NAIROBI, Kenya (AP) _ A former Rwandan minister, fired because he demanded punishment for rogue soldiers carrying out revenge attacks against suspects in the 1994 genocide, was fatally shot Saturday, a family friend said.

Seth Sendashonga, who survived a previous assassination attempt, was killed on Nairobi's Forest Road with his Rwandan driver, the friend said, requesting anonymity. The driver's name was not immediately available.

Three AK-47 shells were found in the U.N. vehicle they were driving, the Kenya Television Network reported.

Police refused to comment on the killing or whether any suspects were in custody.

Rwandans in exile mourned the death of Sendashonga, their most outspoken leader.

``Rwanda lost its most valuable democrat today,'' said Jean Gahururu, leader of the German-based exile party, Rwandan's Rally for the Return of Refugees.

In an interview with The Associated Press in March, Sendashonga said he worried about his safety.

``I would like to go back to Kigali, but nobody can guarantee I will be safe there,'' he said. ``Even here, I have to be careful.''

Sendashonga, a Hutu, was slightly wounded during an assassination attempt in February 1996 in Nairobi, where he had lived in exile and run an opposition group after he was dismissed as Rwanda's interior minister in late 1995.

The attack caused a rift between Kenya and Rwanda.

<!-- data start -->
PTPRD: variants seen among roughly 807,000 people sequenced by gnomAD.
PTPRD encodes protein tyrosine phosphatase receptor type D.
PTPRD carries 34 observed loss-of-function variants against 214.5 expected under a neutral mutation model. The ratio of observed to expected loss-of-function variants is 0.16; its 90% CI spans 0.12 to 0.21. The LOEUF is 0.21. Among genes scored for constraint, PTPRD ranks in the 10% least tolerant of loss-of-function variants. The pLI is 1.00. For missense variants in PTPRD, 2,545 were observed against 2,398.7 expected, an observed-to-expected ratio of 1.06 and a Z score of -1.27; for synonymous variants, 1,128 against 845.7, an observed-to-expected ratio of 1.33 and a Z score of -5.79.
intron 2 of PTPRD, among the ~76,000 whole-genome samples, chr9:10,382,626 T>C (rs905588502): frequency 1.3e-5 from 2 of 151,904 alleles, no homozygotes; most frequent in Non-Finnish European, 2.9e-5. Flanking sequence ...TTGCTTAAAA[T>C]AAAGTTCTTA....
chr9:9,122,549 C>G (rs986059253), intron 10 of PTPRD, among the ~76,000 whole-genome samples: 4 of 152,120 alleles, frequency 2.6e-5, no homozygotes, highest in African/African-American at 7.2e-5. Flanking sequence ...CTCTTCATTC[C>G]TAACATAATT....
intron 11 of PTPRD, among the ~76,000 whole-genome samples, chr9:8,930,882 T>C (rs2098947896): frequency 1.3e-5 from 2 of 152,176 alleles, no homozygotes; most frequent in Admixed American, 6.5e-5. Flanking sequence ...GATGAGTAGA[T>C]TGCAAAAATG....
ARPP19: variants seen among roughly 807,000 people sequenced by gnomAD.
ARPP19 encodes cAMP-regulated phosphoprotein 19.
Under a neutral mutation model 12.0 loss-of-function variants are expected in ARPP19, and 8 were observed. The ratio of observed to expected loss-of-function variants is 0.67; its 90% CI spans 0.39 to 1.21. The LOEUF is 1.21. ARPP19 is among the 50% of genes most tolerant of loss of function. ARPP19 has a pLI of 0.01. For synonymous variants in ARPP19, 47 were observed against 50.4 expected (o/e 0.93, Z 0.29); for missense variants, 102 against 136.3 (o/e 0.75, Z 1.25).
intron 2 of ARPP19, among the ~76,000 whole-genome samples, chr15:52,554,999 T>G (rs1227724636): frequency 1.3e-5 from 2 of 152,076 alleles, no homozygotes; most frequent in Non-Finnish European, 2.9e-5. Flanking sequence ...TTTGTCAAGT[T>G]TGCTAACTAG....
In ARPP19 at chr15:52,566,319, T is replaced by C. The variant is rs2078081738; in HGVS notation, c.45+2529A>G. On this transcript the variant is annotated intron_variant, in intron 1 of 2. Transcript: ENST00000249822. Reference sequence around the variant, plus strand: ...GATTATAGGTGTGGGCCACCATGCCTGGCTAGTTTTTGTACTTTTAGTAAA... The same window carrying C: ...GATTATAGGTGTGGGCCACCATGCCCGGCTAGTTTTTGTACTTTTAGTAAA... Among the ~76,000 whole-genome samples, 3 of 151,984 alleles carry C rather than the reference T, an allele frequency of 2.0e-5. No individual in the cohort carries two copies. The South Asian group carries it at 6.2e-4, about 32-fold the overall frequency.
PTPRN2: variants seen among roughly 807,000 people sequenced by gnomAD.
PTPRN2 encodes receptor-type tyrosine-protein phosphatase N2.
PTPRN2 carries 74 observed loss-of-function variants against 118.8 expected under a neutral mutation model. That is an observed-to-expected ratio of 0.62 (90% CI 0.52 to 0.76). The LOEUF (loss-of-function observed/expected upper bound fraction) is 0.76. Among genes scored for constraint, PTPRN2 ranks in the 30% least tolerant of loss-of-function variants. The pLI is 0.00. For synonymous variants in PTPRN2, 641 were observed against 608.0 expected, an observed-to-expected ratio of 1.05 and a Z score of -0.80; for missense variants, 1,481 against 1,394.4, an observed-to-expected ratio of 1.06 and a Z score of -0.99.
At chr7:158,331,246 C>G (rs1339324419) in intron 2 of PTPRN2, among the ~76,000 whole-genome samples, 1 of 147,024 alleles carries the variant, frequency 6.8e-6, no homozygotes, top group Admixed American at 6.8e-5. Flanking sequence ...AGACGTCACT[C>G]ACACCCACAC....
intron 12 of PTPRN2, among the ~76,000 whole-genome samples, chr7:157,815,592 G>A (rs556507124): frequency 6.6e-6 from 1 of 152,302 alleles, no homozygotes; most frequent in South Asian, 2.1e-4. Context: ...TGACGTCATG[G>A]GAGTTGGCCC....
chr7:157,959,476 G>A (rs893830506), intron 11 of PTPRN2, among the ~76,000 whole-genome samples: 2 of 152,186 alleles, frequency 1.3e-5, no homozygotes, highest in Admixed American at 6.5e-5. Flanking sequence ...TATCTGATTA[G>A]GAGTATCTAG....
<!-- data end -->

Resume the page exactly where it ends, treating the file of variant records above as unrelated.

Rwanda refused to waive diplomatic immunity for embassy staff member Francis Mugabo, who was held by police in connection with the attack.

As punishment, Kenya closed the Rwandan embassy on June 20, 1996. Diplomatic ties were not, however, severed, and the embassy has since reopened.

The Rwandan government had no immediate comment on Sendashonga's death.

Sendashonga was one of five ministers fired in August 1995 in a Cabinet dispute over whether to punish soldiers allegedly carrying out retaliatory attacks against those extremist Hutus responsible for the 1994 genocide of at least 500,000 Rwandans, mostly minority Tutsis.

The firings virtually emptied the government's top levels of moderate Hutus, leaving Tutsis in charge of both the government and military.

``There's an increasing number (of suspects) killed,'' Sendashonga said in an interview with The Associated Press immediately after his dismissal. ``I know it's not the deliberate policy of the army to commit these crimes, but the perpetrators must be punished in an exemplary way that everybody can see.''

In March, Sendashonga said the Tutsi-led government was not doing enough to stop the killings of Hutu civilians in Rwanda.

``I told (Vice President Paul) Kagame several times, these are the names of the officers who are responsible for the killings. None of those guys were ever prosecuted, they were only shuffled to other positions or other places.''

Despite concerns for his safety, Sendashonga longed to return home.

``I miss Rwanda a lot. And I hope I will go back one day. But the time is not right yet.''

Sendashonga's brother is imprisoned in Rwanda on charges of genocide.

Details on his other survivors and funeral arrangements were not immediately available.